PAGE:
"Loverde claimed IDC still does not view tablet computers as "functional competitors" to the classic notebook due to their limited storage and file system access and scant focus on productivity."
That statement is wrong on all three counts.
The iPad comes with up to 128GB SSD. That is equal to or larger than the SSD's that come standard in notebooks.
"Scant focus on productivity"?
The fact is that any task that can be done on the average notebook computer, can just as easily (sometimes more easily) be accomplished on a multi-touch computer. Everything from creating and editing Office files, to application and HTML coding, to multi-track audio and video editing, to 3D modelling and rendering, etc., are all tasks that are being run on multi-touch tablet computers.
"No file system access"?
Current desktop operating systems are file-centric, and so they rely on filing systems. On the other hand, iOS and Android accomplish the same tasks but by being app-centric.
The files are still there in iOS and Android, but there is no longer a need to waste time and effort sorting files into a hierarchical folder system, and then later having to look through those folders (containing a mixture of different files) just to find and open the one you want.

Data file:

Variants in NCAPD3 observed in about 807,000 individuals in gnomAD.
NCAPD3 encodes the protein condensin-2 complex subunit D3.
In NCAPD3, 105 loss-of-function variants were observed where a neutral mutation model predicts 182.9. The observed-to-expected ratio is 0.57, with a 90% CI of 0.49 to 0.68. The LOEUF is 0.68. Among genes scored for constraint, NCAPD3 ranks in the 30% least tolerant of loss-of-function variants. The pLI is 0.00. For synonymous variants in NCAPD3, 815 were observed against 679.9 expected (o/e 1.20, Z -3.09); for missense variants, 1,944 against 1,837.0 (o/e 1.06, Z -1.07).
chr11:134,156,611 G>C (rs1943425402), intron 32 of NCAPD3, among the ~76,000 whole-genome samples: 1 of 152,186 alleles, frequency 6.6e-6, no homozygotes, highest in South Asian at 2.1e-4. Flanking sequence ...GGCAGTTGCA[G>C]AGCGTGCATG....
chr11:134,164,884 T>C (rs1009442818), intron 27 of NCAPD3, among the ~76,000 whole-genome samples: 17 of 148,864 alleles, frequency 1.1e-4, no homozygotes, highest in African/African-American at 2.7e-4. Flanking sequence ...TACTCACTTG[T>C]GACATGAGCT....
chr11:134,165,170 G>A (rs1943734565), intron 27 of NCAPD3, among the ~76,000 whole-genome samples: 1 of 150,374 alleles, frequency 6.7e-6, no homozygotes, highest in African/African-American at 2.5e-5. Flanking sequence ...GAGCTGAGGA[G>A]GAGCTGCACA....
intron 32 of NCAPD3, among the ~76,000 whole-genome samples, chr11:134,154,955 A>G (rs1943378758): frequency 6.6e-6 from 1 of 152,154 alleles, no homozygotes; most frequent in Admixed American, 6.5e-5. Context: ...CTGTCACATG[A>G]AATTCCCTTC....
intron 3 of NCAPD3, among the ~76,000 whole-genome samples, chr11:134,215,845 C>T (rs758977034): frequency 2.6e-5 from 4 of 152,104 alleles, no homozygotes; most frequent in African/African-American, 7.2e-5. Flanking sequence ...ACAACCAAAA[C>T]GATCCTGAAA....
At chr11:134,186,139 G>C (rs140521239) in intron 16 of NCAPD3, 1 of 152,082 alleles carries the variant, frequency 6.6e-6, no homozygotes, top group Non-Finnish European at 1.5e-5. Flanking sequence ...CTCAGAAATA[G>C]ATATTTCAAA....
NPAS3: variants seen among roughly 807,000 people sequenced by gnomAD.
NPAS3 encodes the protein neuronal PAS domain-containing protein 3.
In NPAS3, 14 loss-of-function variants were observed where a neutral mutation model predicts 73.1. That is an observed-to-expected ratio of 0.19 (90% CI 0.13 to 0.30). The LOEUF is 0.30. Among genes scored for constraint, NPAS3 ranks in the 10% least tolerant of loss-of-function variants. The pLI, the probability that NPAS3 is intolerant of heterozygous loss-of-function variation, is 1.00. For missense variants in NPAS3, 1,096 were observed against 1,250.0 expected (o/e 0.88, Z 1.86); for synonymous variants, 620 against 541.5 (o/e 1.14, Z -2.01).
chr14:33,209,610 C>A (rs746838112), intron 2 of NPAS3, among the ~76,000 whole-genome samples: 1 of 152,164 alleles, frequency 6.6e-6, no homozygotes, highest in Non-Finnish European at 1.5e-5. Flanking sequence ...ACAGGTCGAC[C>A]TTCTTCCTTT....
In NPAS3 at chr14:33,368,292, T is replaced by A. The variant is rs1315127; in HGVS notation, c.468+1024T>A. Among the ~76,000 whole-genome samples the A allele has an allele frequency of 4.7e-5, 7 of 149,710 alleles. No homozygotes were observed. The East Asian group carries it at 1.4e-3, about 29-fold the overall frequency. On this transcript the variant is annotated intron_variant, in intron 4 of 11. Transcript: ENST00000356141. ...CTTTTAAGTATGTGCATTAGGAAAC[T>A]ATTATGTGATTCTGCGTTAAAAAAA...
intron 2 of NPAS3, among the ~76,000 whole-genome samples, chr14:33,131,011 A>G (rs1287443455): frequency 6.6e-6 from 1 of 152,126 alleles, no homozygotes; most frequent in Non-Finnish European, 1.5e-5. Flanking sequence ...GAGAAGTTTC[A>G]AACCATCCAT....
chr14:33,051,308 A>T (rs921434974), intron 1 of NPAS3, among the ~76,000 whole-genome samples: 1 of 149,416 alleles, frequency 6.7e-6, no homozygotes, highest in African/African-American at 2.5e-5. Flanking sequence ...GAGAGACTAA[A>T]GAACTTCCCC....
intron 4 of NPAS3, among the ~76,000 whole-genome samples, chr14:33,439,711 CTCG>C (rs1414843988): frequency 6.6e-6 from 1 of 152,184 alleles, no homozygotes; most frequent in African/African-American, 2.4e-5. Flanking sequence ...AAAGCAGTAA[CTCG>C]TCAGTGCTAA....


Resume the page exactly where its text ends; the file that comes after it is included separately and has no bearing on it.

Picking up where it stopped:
Many people have a hard time grasping the essence of this change, and so they call this new type of operating system a "toy" when in actuality it makes the user MORE productive than they have been using desktop operating systems.
In iOS and Android, apps will only see and open files that the app can handle. Any other files that it can't handle are not seen. Files that can be shared (for example photos) can be opened by multiple apps that can work on those files... but again any other files that can't be worked on are not seen by the app. This makes perfect sense, and it eliminates the time wasted going through a filing system before you can start doing what you want to do.
Sometimes a user may want to use a file system in iOS and Android, and that is no problem at all to do. There are many excellent apps that allow you to create your own file hierarchy in iOS and Android, but unless there is a special case where these file systems are needed, these apps defeat the purpose of having and using an app-centric operating system.
For some people changing to a more modern and productive system is easy, but for others accepting change is difficult.